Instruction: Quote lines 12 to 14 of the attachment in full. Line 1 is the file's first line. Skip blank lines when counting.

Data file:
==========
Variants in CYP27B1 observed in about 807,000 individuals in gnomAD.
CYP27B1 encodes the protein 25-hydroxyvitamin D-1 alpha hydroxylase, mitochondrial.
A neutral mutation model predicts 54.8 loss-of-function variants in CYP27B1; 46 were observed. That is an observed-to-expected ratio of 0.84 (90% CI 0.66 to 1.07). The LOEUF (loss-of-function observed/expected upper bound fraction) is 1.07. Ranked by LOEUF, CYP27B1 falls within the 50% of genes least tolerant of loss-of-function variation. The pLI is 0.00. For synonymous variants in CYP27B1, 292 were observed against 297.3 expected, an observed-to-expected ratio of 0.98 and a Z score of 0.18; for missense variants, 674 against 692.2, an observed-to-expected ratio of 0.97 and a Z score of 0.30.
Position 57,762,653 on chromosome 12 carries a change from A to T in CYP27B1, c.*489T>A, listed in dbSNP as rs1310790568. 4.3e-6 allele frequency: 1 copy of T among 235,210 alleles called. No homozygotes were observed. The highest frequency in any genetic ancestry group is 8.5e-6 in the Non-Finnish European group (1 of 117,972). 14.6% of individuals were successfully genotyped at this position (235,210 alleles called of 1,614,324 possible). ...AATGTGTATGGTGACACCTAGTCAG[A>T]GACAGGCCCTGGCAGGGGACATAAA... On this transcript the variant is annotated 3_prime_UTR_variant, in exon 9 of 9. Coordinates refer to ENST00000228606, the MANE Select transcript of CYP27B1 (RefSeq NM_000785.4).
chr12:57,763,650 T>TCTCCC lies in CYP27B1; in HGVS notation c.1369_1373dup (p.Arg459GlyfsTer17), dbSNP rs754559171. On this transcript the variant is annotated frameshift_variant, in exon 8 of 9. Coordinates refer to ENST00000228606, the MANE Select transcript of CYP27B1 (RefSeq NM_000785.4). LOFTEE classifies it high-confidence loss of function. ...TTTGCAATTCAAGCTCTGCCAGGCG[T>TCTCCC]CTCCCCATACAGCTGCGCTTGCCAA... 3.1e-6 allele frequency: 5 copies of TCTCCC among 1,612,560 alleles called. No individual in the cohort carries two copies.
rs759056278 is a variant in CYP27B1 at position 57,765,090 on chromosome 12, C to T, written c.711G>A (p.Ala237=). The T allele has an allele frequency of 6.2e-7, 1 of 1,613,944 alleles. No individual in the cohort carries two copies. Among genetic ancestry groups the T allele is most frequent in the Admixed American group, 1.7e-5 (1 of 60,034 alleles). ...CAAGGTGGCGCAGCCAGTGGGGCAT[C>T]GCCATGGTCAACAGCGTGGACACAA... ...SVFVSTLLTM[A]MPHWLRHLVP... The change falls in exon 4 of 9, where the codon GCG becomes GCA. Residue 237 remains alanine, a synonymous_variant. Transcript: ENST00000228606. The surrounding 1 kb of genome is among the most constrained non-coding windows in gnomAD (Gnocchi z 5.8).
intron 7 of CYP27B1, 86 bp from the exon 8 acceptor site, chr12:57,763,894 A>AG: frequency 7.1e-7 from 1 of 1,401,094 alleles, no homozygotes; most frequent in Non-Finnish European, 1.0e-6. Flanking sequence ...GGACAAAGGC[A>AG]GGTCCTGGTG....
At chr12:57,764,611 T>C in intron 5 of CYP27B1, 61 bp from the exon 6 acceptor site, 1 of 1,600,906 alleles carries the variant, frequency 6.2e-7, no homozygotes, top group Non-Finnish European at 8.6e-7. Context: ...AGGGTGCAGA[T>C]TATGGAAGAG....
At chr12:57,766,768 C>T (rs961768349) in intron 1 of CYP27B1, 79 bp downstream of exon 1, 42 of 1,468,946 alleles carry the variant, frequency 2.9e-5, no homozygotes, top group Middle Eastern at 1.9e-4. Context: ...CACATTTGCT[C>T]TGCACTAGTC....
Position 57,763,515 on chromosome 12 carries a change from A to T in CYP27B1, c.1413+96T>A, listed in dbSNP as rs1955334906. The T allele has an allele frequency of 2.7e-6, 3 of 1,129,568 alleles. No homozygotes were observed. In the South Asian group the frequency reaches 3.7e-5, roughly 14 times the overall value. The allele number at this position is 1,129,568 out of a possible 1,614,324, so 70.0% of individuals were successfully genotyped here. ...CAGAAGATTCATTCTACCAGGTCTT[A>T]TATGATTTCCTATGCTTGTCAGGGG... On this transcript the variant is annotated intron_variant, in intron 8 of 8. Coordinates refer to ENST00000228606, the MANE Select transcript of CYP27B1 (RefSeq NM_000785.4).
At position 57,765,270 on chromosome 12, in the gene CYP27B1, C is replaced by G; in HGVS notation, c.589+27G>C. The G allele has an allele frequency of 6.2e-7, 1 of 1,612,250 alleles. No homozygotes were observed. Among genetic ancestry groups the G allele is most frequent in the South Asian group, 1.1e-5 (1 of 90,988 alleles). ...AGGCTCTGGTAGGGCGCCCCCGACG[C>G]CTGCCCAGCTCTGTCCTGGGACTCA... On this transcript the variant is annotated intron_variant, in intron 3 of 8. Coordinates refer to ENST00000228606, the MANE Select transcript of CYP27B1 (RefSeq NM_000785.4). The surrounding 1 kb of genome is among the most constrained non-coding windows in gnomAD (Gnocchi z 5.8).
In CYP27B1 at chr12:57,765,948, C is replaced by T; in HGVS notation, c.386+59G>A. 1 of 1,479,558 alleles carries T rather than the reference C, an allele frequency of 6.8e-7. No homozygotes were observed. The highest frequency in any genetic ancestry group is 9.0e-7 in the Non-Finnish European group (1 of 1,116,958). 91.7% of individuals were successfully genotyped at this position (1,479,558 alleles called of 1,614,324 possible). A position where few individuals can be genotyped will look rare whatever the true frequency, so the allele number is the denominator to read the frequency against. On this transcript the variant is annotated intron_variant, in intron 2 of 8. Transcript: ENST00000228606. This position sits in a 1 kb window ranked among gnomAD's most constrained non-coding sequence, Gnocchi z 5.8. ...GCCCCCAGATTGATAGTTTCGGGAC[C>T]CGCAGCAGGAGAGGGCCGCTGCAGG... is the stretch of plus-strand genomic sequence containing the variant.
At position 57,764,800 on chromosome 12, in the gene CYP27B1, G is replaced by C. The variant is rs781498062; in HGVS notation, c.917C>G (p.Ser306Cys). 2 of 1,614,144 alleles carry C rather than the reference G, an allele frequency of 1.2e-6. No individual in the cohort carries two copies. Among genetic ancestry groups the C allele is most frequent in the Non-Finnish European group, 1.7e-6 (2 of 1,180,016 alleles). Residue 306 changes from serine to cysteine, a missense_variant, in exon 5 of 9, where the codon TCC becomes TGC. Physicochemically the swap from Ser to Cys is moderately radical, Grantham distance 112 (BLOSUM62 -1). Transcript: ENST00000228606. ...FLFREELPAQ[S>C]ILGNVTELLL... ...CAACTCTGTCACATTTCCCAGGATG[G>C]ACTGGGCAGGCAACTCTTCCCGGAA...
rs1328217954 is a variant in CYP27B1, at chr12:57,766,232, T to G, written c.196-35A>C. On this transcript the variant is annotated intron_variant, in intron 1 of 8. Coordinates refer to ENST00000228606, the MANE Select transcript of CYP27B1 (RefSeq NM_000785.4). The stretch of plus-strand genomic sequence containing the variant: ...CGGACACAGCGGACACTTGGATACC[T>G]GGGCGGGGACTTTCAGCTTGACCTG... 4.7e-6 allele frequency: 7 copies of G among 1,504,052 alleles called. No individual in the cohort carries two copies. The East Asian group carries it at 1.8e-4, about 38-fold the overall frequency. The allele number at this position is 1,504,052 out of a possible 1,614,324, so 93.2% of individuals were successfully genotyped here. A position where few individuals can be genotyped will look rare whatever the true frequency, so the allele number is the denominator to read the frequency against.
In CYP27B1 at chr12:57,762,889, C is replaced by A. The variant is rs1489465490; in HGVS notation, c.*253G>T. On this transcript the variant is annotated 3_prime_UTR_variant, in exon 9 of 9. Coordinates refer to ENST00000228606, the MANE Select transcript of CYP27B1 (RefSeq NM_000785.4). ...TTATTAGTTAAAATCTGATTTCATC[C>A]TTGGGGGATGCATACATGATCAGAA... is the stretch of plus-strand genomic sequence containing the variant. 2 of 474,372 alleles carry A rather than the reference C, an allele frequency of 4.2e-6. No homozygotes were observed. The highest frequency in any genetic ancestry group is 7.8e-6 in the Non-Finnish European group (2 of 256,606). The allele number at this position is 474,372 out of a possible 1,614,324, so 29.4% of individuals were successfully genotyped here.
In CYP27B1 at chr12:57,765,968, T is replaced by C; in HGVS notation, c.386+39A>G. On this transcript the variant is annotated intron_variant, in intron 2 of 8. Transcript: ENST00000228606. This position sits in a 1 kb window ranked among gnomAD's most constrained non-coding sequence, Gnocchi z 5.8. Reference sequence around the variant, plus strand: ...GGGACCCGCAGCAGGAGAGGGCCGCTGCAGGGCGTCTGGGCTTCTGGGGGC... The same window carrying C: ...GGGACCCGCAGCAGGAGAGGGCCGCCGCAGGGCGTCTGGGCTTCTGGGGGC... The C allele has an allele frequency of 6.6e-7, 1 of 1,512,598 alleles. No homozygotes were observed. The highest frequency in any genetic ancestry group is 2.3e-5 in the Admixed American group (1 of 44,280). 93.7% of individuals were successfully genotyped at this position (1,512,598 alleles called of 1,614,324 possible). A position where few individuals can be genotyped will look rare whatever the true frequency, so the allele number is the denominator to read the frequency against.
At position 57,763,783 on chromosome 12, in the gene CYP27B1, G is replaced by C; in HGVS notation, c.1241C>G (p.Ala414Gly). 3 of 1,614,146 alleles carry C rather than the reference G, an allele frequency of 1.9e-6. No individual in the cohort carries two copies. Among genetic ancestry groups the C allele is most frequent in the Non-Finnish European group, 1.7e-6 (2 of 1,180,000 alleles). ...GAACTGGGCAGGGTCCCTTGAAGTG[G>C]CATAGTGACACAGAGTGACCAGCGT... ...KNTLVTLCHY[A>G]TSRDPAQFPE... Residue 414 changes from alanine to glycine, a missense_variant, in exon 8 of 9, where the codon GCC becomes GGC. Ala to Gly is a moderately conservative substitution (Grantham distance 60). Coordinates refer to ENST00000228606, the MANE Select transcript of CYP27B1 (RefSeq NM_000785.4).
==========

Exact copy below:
In CYP27B1 at chr12:57,765,948, C is replaced by T; in HGVS notation, c.386+59G>A. 1 of 1,479,558 alleles carries T rather than the reference C, an allele frequency of 6.8e-7. No homozygotes were observed. The highest frequency in any genetic ancestry group is 9.0e-7 in the Non-Finnish European group (1 of 1,116,958). 91.7% of individuals were successfully genotyped at this position (1,479,558 alleles called of 1,614,324 possible). A position where few individuals can be genotyped will look rare whatever the true frequency, so the allele number is the denominator to read the frequency against. On this transcript the variant is annotated intron_variant, in intron 2 of 8. Transcript: ENST00000228606. This position sits in a 1 kb window ranked among gnomAD's most constrained non-coding sequence, Gnocchi z 5.8. ...GCCCCCAGATTGATAGTTTCGGGAC[C>T]CGCAGCAGGAGAGGGCCGCTGCAGG... is the stretch of plus-strand genomic sequence containing the variant.
At position 57,764,800 on chromosome 12, in the gene CYP27B1, G is replaced by C. The variant is rs781498062; in HGVS notation, c.917C>G (p.Ser306Cys). 2 of 1,614,144 alleles carry C rather than the reference G, an allele frequency of 1.2e-6. No individual in the cohort carries two copies. Among genetic ancestry groups the C allele is most frequent in the Non-Finnish European group, 1.7e-6 (2 of 1,180,016 alleles). Residue 306 changes from serine to cysteine, a missense_variant, in exon 5 of 9, where the codon TCC becomes TGC. Physicochemically the swap from Ser to Cys is moderately radical, Grantham distance 112 (BLOSUM62 -1). Transcript: ENST00000228606. ...FLFREELPAQ[S>C]ILGNVTELLL... ...CAACTCTGTCACATTTCCCAGGATG[G>C]ACTGGGCAGGCAACTCTTCCCGGAA...
rs1328217954 is a variant in CYP27B1, at chr12:57,766,232, T to G, written c.196-35A>C. On this transcript the variant is annotated intron_variant, in intron 1 of 8. Coordinates refer to ENST00000228606, the MANE Select transcript of CYP27B1 (RefSeq NM_000785.4). The stretch of plus-strand genomic sequence containing the variant: ...CGGACACAGCGGACACTTGGATACC[T>G]GGGCGGGGACTTTCAGCTTGACCTG... 4.7e-6 allele frequency: 7 copies of G among 1,504,052 alleles called. No individual in the cohort carries two copies. The East Asian group carries it at 1.8e-4, about 38-fold the overall frequency. The allele number at this position is 1,504,052 out of a possible 1,614,324, so 93.2% of individuals were successfully genotyped here. A position where few individuals can be genotyped will look rare whatever the true frequency, so the allele number is the denominator to read the frequency against.